Faculty Research Assistance Program (FRAP) Directory

The FRAP Directory allows students to identify UCSB faculty who are looking for undergraduate students to participate in their research projects or creative activities. Please use the links below to find opportunities by discipline. Students, if your desired discipline is not listed, please contact the Undergraduate Research Initiatives office at 805-893-3090 or urca@ltsc.ucsb.edu for assistance. Faculty, if you would like to post your research or creative activity opportunity, please complete the online submission form.

Environmental Studies

Peter Alagona

Location:
Bren 4013

Research Project

Scientists and conservationists have long viewed cities as the antithesis of nature, and as destroyers of wildlife habitat. Over the past two decades, however, wild animals have appeared in American cities and in cities throughout the highly developed world in numbers not seen for generations. Urban ecosystems are some of the most dynamic and interesting spaces for understanding ecological change in the Anthropocene, but our understanding of these systems remains in its infancy. We know remarkably little about how wild animals travel, breed, consume resources, establish territory, and use the built environment in urban spaces. We know even less about how such animals interact with humans, or what people think about them. This project aims to produce the first major book to explore the history of wildlife in American cities designed to reach a broad audience.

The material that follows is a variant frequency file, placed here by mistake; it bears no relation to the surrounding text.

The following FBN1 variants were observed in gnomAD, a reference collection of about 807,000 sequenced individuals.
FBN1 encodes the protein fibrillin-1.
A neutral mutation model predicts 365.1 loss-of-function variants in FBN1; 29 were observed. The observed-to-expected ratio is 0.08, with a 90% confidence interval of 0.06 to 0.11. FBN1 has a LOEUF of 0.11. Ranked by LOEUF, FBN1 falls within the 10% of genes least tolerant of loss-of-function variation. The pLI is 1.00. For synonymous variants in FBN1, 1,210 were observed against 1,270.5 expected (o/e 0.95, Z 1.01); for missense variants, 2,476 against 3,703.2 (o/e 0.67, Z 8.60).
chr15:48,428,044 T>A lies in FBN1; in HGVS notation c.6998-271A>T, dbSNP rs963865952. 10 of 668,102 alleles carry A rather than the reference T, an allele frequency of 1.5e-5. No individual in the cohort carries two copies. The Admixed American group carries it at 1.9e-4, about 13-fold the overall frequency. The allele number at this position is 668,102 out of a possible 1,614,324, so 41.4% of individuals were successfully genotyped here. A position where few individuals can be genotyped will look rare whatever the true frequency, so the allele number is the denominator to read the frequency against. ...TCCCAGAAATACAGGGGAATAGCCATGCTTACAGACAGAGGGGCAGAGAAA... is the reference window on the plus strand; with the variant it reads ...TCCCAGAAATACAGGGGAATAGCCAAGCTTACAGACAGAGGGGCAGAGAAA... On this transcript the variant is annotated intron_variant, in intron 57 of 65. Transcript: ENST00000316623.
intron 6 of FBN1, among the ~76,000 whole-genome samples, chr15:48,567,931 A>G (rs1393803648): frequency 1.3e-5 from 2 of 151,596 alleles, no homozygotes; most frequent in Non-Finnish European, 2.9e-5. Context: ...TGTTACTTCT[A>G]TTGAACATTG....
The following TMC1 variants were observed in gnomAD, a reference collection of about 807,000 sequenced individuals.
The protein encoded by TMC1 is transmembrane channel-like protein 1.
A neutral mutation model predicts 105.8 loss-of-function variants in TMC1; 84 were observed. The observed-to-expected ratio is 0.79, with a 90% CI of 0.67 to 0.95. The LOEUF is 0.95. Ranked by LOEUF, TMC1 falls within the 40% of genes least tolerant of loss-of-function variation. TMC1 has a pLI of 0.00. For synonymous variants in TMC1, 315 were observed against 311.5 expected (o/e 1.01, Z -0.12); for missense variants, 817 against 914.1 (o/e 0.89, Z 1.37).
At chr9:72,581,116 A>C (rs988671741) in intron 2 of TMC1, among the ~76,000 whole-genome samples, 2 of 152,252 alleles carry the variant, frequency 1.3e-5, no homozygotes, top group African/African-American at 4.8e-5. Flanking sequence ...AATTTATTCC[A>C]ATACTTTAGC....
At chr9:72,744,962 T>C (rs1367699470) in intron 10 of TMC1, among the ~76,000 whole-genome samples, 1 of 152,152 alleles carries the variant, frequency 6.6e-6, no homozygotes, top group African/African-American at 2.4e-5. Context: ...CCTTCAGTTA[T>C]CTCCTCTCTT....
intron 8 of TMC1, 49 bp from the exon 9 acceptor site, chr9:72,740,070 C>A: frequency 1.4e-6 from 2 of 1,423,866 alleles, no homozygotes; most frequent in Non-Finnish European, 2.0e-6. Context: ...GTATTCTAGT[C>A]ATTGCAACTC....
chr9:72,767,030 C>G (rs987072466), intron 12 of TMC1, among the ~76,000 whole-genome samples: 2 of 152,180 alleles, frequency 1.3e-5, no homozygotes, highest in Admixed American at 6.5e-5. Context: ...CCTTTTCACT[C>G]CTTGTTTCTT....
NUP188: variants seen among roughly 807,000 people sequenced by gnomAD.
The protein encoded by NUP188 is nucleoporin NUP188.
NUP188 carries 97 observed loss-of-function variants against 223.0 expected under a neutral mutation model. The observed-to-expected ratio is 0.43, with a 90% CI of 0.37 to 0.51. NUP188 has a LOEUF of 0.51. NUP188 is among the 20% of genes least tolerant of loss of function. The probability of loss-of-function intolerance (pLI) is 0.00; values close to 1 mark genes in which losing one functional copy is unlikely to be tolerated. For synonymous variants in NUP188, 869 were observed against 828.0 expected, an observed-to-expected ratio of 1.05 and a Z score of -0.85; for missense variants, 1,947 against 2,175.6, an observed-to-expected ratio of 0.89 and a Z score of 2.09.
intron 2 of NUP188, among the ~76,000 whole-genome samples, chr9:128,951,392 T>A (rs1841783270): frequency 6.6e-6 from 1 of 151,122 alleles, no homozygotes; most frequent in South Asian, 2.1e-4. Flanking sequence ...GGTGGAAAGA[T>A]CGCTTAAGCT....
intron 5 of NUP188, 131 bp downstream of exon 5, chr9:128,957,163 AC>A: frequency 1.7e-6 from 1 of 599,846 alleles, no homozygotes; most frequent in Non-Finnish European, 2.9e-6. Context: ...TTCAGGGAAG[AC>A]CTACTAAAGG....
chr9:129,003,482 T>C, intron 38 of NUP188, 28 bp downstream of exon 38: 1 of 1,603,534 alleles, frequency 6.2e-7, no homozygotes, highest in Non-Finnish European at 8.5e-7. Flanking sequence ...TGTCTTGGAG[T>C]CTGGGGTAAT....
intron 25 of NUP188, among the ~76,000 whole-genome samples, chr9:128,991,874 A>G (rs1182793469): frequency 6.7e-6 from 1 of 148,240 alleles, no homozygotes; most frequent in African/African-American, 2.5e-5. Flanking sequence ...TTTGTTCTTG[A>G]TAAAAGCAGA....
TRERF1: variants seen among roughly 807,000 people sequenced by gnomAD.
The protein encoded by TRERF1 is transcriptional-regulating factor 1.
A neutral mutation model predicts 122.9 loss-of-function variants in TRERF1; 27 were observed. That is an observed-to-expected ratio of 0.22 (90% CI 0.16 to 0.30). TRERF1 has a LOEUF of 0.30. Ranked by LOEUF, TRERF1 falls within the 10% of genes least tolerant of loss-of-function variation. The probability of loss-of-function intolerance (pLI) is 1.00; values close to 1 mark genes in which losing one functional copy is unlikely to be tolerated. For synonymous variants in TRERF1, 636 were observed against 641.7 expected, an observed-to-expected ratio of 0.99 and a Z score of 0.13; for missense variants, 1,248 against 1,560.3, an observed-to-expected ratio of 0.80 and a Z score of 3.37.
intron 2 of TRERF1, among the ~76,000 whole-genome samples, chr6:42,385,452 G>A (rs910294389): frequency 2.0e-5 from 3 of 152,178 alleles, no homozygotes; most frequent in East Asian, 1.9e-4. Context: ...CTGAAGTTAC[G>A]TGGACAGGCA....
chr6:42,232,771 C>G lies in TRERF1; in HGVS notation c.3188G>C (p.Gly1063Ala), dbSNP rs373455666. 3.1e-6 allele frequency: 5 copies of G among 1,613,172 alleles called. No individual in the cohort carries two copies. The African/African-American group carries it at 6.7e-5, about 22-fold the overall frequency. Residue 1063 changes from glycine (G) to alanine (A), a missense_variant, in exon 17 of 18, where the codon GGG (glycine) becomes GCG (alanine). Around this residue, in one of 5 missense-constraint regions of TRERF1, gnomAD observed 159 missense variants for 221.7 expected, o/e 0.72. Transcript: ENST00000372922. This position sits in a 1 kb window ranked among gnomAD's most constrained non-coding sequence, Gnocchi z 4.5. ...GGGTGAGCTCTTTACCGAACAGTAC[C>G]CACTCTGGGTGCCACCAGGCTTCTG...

Undergraduate Contribution

FRAP undergraduate assistants will assist in the creation of a bibliography and database of source materials on the history of wildlife in American cities. 

Requirements

Successful applicants must have excellent reading comprehension and writing skills.

David Pellow

Location:
4304 Bren Hall
(619) 488-7838

Research Project

**Not taking on new research assistants until Spring 2017**
This project involves the study of the links among the U.S. prison system, impacts on local/regional/national/global ecosystems, impacts on communities of color and working class communities where prisons are located and where the majority of prisoners are from, and their implications for social and environmental justice movements. Specifically, we are interested in asking what are the effects of prison construction and maintenance on public and environmental health and what can be done to address these problems? This project aims to provide data and collaborative opportunities to people interested in ending mass incarceration and promoting environmental justice.

Undergraduate Contribution

Undergraduate members of the research collective will be expected to conduct targeted internet searches to find a wide range of sources on the topic, write up annotated bibliographies, and compile lists of organizations and individuals working on these issues.

Requirements

Requirements are: 1) personal access to a computer and the internet; 2) facility with MS Word including how to cut and paste from the web; 3) attention to detail; 4) the ability to follow directions. It is also a helpful if you are willing to learn Zotero or other digital filing or bibliographical database system.